Bio­gas firm sues Weld County

Com­pany claims com­mis­sion­ers’ de­ci­sion to shut down plant was “ir­ra­tional”

The Denver Post - - NEWS - By Kirk Mitchell Kirk Mitchell: 303-954-1206, kmitchell@den­ver­ or @kirk­mitchell or den­ver­­cases

A com­pany that con­verts cow ma­nure into gas en­ergy has sued Weld County com­mis­sion­ers in fed­eral court claim­ing their “ir­ra­tional” de­ci­sion to shut down the re­new­able en­ergy com­pany’s $115 mil­lion plant was based on a rel­a­tively small num­ber of com­plaints even though it is in com­pli­ance with county odor lev­els.

The law­suit was filed Tues­day in Den­ver U.S. Dis­trict Court on be­half of Heart­land Bio­gas of San Diego against five Weld County com­mis­sion­ers. It claims the of­fi­cials abused the com­pany’s con­sti­tu­tional due process rights when they sus­pended its spe­cial re­view per­mit on Dec. 19.

Heart­land is seek­ing mone­tary dam­ages against the county and re­in­state­ment of its spe­cial re­view per­mit. The law­suit claims the govern­ment de­ci­sion could cost the com­pany $29.4 mil­lion in shut­down costs, $3.2 mil­lion a month in prof­its, and per­ma­nently dam­age its con­tracts with lo­cal ranch­ers and gas com­pa­nies.

Mes­sages left with county of­fi­cials on Wed­nes­day were not im­me­di­ately re­turned.

On its web­site, of­fi­cials tout Weld County as the third-largest county in Colorado with thou­sands of acres of prime agri­cul­tural land. Heart­land uses an anaer­o­bic di­gester sys­tem to con­vert cow ma­nure and food waste from lo­cal ranches into nat­u­ral gas. Af­ter the gas is cleaned and com­pressed, it is in­jected into the Colorado In­ter­state Gas Com­pany pipe­line.

The fa­cil­ity, which em­ploys 39 full-time-equiv­a­lent em­ploy­ees, is one of the largest anaer­o­bic fa­cil­i­ties in the United States. Its out­put is com­pa­ra­ble to a 20-megawatt elec­tri­cal plant and also gen­er­ates com­post for lo­cal farms, the law­suit says.

Heart­land’s plant, which be­came fully op­er­a­tional in Novem­ber of 2015, emits a bad smell.

But the com­pany has only ex­ceeded odor lim­its es­tab­lished by its Weld County per­mit once, on April 27, it claims. Sub­se­quently, Heart­land spent mil­lions of dol­lars on stud­ies and new ap­pa­ra­tus to re­duce odors, ac­cord­ing to the law­suit. Although 800 tests have been per­formed by county and state of­fi­cials since April, the plant never has ex­ceeded lim­its set by the county’s op­er­a­tional per­mit, the law­suit says.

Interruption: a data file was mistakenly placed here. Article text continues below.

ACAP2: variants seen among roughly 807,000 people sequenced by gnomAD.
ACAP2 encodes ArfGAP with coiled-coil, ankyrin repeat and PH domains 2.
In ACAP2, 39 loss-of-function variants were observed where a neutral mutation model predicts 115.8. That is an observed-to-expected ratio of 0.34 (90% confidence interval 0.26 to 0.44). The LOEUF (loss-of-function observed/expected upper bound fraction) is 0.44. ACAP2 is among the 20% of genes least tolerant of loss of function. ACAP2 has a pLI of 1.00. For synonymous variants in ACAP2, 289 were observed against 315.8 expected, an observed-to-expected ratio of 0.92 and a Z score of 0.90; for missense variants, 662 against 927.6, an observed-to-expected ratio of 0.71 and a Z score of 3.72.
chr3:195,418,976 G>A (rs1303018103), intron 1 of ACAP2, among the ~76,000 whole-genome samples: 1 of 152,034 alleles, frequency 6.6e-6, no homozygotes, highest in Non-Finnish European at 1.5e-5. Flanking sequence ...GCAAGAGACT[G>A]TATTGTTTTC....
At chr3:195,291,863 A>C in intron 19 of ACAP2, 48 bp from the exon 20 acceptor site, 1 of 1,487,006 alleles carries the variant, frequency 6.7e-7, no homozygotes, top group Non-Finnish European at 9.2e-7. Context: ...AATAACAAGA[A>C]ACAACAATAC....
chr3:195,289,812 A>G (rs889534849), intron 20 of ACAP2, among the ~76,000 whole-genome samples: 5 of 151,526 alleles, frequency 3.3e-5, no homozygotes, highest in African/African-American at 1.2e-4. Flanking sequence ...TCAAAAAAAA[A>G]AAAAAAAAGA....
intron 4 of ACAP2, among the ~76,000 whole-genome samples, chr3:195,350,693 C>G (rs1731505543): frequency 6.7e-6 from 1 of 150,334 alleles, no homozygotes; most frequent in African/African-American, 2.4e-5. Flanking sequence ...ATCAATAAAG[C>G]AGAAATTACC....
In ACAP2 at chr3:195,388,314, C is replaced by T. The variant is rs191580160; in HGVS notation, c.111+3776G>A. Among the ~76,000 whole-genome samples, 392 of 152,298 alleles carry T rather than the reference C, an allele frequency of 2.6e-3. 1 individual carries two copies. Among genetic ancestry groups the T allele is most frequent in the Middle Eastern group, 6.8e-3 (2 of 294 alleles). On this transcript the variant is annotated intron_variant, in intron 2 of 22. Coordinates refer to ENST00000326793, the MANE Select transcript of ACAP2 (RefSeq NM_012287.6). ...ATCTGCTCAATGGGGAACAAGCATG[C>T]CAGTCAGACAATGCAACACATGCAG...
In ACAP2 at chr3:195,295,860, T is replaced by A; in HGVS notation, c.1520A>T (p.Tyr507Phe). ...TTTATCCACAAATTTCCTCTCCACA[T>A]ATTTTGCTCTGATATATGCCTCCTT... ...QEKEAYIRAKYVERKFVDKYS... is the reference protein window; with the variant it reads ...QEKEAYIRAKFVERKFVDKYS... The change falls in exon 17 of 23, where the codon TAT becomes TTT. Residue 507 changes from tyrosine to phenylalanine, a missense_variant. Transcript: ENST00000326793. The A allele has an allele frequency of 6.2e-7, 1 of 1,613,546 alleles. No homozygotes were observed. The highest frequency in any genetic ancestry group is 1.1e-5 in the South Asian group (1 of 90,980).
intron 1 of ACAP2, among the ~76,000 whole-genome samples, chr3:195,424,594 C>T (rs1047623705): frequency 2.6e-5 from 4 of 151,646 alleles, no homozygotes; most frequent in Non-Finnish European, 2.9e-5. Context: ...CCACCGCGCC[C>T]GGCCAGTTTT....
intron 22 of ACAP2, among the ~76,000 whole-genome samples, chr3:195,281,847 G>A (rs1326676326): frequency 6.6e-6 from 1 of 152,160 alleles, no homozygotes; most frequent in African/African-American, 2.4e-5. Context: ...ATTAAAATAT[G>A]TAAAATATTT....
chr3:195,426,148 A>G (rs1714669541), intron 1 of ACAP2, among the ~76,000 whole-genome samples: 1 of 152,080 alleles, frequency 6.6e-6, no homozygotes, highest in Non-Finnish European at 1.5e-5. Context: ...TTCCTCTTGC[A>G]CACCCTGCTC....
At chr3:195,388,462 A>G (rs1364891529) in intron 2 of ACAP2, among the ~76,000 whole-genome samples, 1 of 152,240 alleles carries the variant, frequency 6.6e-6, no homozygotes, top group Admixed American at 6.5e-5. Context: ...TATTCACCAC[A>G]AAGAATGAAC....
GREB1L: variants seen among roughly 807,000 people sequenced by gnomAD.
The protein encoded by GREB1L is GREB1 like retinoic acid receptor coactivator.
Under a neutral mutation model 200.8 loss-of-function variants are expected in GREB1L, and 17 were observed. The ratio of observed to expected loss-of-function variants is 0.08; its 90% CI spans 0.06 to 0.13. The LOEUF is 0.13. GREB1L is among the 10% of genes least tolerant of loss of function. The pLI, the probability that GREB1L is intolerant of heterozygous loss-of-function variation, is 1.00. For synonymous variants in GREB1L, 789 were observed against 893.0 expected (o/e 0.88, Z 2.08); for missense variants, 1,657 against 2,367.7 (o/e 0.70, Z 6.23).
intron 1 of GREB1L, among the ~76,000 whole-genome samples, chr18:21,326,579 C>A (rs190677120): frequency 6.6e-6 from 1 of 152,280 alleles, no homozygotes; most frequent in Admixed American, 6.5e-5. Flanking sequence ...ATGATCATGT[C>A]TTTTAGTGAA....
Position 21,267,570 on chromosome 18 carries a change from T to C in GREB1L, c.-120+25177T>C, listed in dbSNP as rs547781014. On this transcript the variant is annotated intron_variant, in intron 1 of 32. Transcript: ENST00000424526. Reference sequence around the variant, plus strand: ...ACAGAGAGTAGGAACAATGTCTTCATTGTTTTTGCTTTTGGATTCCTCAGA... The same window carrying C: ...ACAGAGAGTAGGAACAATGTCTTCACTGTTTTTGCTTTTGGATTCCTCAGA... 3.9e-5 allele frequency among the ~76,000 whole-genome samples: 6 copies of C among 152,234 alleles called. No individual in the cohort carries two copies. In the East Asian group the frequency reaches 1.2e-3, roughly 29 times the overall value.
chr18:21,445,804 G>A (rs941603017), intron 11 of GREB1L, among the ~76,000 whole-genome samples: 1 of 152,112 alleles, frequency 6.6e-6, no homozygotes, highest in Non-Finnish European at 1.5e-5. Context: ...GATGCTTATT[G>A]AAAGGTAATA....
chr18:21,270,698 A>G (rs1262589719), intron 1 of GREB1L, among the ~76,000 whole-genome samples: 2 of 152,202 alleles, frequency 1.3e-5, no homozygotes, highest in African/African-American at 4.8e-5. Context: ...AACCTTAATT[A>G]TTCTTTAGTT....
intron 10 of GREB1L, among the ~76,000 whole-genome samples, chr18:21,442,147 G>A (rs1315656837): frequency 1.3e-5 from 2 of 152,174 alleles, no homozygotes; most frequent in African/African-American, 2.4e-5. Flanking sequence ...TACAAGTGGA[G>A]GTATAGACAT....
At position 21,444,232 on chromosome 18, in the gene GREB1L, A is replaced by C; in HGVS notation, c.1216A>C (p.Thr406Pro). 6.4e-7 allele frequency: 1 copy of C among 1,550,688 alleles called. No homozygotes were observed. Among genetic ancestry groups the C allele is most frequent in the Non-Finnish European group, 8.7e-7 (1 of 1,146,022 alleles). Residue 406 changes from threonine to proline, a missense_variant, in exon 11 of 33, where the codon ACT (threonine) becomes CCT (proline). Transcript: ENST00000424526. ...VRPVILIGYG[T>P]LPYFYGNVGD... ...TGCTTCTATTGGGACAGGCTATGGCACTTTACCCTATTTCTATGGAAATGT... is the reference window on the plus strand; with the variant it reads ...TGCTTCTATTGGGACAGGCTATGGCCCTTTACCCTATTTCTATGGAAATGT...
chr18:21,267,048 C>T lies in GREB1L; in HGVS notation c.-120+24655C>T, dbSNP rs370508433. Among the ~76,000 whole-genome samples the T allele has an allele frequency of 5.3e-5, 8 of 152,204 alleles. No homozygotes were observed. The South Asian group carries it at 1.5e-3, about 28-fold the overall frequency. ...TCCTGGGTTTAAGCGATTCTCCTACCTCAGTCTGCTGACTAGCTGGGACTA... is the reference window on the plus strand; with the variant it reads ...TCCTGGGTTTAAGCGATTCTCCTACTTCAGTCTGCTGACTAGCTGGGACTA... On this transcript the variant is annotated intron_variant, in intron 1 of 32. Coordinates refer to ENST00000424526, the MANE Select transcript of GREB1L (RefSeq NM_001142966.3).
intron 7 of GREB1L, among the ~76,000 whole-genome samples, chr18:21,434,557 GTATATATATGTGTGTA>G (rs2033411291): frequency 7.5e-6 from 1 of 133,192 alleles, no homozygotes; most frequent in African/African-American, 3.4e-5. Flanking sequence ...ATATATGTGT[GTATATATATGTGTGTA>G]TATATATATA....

De­spite the com­pany’s mit­i­ga­tion ef­forts, Weld County com­mis­sion­ers lim­ited the fa­cil­ity’s gas pro­duc­tion by 60 per­cent af­ter a Sept. 19 hear­ing. On Nov. 10, Heart­land en­tered a “com­pli­ance or­der and con­sent” deal, agree­ing to abate “al­leged odor con­cerns” by in­vest­ing $3 mil­lion in smell mit­i­ga­tion equip­ment. The com­pany has com­mit­ted to go even fur­ther by spend­ing $4.2 mil­lion, the law­suit says.

The law­suit filed by at­tor­neys from the Den­ver law firm of Hol­land & Hart claims Weld County com­mis­sion­ers were just go­ing through the mo­tions when they con­vened the lat­est of a se­ries of pub­lic hear­ings on the mat­ter on Dec. 19.

That was ob­vi­ous, the law­suit says, when Com­mis­sioner Bar­bara Kirk­meyer opened the meet­ing by say­ing: “So, I’m cu­ri­ous as to why do I need to have any fur­ther pub­lic hear­ing or pub­lic tes­ti­mony, or even any tes­ti­mony what­so­ever … I was won­der­ing why I can’t make a mo­tion right now to sus­pend.”

Kirk­meyer is on va­ca­tion and could not be reached for com­ment Wed­nes­day.

The law­suit says the out­come of the Dec. 19 hear­ing was pre­de­ter­mined.

Board mem­bers made an “ar­bi­trary, ir­ra­tional and hos­tile de­ci­sion to sus­pend Heart­land’s re­new­able en­ergy op­er­a­tion,” the law­suit says. Their de­ci­sion was based on per­sis­tent com­plaints largely by 10 peo­ple who made 80 per­cent of all the com­plaints against the plant, the law­suit says.

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